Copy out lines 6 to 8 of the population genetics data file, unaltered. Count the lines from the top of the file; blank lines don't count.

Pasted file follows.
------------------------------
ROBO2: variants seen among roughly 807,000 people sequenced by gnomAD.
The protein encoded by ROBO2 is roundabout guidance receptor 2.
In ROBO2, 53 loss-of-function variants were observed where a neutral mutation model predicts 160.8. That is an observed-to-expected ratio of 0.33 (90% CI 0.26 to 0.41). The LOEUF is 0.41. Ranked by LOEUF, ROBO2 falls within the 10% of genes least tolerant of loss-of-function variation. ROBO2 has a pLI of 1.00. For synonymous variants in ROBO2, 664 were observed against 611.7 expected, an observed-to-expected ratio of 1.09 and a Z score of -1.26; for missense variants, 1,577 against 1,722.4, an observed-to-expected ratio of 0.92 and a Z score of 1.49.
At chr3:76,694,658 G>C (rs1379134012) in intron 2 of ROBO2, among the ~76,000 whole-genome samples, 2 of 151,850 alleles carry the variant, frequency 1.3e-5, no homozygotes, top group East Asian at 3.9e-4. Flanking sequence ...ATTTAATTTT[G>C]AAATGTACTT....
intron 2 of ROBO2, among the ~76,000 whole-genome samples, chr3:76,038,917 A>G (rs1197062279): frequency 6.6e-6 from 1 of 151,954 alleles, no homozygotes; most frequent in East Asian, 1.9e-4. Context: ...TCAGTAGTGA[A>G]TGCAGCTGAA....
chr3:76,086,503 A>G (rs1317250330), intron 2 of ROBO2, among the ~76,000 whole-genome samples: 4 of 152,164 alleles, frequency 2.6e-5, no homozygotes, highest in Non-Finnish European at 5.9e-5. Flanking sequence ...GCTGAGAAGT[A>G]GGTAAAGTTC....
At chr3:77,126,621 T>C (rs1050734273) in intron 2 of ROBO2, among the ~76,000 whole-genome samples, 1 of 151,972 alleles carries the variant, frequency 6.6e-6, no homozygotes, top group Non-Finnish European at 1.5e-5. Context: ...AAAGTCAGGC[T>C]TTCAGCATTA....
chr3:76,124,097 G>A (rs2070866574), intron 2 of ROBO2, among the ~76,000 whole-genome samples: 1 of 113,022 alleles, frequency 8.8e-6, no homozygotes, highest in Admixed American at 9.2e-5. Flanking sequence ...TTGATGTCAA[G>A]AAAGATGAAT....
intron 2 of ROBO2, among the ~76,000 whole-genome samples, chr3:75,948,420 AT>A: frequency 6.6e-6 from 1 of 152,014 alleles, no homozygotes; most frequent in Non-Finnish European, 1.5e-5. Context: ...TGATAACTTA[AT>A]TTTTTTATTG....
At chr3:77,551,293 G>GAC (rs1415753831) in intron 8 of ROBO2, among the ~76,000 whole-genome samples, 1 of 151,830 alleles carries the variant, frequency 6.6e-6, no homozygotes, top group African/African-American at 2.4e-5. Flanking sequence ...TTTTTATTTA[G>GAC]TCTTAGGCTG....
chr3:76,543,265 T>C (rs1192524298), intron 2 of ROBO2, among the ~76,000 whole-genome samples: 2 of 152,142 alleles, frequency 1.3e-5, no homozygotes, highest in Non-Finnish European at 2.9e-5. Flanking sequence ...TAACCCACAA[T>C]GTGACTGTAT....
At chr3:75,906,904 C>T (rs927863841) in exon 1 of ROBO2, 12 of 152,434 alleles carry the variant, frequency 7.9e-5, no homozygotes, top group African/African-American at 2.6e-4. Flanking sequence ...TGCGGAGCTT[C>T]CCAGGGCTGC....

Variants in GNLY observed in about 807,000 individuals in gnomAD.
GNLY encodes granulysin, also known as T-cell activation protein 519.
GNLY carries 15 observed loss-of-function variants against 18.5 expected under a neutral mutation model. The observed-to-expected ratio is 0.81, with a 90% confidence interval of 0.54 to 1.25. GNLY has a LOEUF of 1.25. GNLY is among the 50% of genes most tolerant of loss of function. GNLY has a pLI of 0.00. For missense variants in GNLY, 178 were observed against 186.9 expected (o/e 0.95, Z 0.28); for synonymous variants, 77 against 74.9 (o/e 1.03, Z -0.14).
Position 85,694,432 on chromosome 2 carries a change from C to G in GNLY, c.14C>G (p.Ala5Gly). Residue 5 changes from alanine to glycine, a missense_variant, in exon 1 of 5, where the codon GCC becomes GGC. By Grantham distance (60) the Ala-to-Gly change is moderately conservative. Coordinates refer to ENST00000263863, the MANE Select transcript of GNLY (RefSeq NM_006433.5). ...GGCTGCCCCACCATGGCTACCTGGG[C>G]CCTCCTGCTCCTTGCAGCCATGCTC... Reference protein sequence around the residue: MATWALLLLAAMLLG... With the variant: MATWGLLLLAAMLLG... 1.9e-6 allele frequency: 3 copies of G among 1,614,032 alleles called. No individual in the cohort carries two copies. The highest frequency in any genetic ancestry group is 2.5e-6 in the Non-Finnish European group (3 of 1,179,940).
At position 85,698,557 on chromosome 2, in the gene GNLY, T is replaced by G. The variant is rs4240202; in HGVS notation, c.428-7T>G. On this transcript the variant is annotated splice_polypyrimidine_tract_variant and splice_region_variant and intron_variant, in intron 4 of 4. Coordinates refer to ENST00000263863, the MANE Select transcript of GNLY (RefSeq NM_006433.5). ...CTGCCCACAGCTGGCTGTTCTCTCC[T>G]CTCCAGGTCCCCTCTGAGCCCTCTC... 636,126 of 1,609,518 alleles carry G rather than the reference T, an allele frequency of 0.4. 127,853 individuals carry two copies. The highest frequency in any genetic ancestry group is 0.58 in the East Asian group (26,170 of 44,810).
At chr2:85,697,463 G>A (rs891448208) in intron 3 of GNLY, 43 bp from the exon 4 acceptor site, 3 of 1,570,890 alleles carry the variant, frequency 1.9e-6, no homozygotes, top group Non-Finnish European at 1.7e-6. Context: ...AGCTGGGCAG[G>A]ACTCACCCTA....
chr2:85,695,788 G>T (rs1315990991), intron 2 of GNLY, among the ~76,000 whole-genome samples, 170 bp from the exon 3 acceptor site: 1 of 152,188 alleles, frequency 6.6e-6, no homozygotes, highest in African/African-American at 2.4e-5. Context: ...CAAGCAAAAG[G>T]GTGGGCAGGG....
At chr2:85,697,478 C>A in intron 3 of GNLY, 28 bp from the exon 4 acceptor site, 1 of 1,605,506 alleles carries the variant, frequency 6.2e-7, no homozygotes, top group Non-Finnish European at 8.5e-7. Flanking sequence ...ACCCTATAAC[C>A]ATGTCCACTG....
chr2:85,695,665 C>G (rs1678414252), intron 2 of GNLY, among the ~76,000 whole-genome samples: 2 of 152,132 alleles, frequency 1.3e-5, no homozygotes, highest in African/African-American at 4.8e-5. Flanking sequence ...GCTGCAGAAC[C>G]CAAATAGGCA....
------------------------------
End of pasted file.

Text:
chr3:76,086,503 A>G (rs1317250330), intron 2 of ROBO2, among the ~76,000 whole-genome samples: 4 of 152,164 alleles, frequency 2.6e-5, no homozygotes, highest in Non-Finnish European at 5.9e-5. Flanking sequence ...GCTGAGAAGT[A>G]GGTAAAGTTC....
At chr3:77,126,621 T>C (rs1050734273) in intron 2 of ROBO2, among the ~76,000 whole-genome samples, 1 of 151,972 alleles carries the variant, frequency 6.6e-6, no homozygotes, top group Non-Finnish European at 1.5e-5. Context: ...AAAGTCAGGC[T>C]TTCAGCATTA....
chr3:76,124,097 G>A (rs2070866574), intron 2 of ROBO2, among the ~76,000 whole-genome samples: 1 of 113,022 alleles, frequency 8.8e-6, no homozygotes, highest in Admixed American at 9.2e-5. Flanking sequence ...TTGATGTCAA[G>A]AAAGATGAAT....